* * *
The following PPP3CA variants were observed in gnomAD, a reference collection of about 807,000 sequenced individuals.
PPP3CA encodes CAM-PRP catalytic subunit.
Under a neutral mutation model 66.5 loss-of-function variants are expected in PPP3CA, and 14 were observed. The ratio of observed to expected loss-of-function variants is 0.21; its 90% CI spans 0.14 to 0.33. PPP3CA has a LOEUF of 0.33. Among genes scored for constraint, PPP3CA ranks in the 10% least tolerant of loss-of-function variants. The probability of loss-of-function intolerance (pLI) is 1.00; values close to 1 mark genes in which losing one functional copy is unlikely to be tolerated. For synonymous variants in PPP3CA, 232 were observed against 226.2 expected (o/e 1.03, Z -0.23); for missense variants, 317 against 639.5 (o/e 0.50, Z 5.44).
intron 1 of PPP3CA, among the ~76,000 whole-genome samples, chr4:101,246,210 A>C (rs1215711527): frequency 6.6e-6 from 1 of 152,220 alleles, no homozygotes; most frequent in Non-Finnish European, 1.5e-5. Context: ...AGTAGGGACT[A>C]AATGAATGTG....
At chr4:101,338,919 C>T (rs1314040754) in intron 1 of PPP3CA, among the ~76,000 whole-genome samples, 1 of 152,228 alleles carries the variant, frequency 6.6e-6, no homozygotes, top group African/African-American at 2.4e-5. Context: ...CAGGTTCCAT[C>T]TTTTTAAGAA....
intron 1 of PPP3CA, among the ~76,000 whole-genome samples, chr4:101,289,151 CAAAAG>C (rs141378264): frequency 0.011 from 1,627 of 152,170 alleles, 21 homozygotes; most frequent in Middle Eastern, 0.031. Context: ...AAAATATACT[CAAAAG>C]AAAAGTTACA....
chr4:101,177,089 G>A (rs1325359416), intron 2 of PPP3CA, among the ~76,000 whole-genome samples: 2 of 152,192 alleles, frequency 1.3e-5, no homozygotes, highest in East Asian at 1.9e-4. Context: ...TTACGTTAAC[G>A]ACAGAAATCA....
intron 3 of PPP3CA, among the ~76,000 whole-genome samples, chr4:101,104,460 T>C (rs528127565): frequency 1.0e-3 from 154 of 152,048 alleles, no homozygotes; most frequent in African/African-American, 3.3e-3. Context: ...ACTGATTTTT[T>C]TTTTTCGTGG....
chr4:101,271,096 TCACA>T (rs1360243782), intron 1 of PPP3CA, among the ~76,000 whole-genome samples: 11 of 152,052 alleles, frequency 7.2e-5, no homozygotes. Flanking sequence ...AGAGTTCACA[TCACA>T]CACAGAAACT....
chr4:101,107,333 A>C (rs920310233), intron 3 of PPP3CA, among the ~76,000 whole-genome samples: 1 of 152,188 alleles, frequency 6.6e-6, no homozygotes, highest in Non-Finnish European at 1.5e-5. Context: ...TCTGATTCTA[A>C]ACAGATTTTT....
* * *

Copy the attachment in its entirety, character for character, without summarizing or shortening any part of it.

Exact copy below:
The following PPP3CA variants were observed in gnomAD, a reference collection of about 807,000 sequenced individuals.
PPP3CA encodes CAM-PRP catalytic subunit.
Under a neutral mutation model 66.5 loss-of-function variants are expected in PPP3CA, and 14 were observed. The ratio of observed to expected loss-of-function variants is 0.21; its 90% CI spans 0.14 to 0.33. PPP3CA has a LOEUF of 0.33. Among genes scored for constraint, PPP3CA ranks in the 10% least tolerant of loss-of-function variants. The probability of loss-of-function intolerance (pLI) is 1.00; values close to 1 mark genes in which losing one functional copy is unlikely to be tolerated. For synonymous variants in PPP3CA, 232 were observed against 226.2 expected (o/e 1.03, Z -0.23); for missense variants, 317 against 639.5 (o/e 0.50, Z 5.44).
intron 1 of PPP3CA, among the ~76,000 whole-genome samples, chr4:101,246,210 A>C (rs1215711527): frequency 6.6e-6 from 1 of 152,220 alleles, no homozygotes; most frequent in Non-Finnish European, 1.5e-5. Context: ...AGTAGGGACT[A>C]AATGAATGTG....
At chr4:101,338,919 C>T (rs1314040754) in intron 1 of PPP3CA, among the ~76,000 whole-genome samples, 1 of 152,228 alleles carries the variant, frequency 6.6e-6, no homozygotes, top group African/African-American at 2.4e-5. Context: ...CAGGTTCCAT[C>T]TTTTTAAGAA....
intron 1 of PPP3CA, among the ~76,000 whole-genome samples, chr4:101,289,151 CAAAAG>C (rs141378264): frequency 0.011 from 1,627 of 152,170 alleles, 21 homozygotes; most frequent in Middle Eastern, 0.031. Context: ...AAAATATACT[CAAAAG>C]AAAAGTTACA....
chr4:101,177,089 G>A (rs1325359416), intron 2 of PPP3CA, among the ~76,000 whole-genome samples: 2 of 152,192 alleles, frequency 1.3e-5, no homozygotes, highest in East Asian at 1.9e-4. Context: ...TTACGTTAAC[G>A]ACAGAAATCA....
intron 3 of PPP3CA, among the ~76,000 whole-genome samples, chr4:101,104,460 T>C (rs528127565): frequency 1.0e-3 from 154 of 152,048 alleles, no homozygotes; most frequent in African/African-American, 3.3e-3. Context: ...ACTGATTTTT[T>C]TTTTTCGTGG....
chr4:101,271,096 TCACA>T (rs1360243782), intron 1 of PPP3CA, among the ~76,000 whole-genome samples: 11 of 152,052 alleles, frequency 7.2e-5, no homozygotes. Flanking sequence ...AGAGTTCACA[TCACA>T]CACAGAAACT....
chr4:101,107,333 A>C (rs920310233), intron 3 of PPP3CA, among the ~76,000 whole-genome samples: 1 of 152,188 alleles, frequency 6.6e-6, no homozygotes, highest in Non-Finnish European at 1.5e-5. Context: ...TCTGATTCTA[A>C]ACAGATTTTT....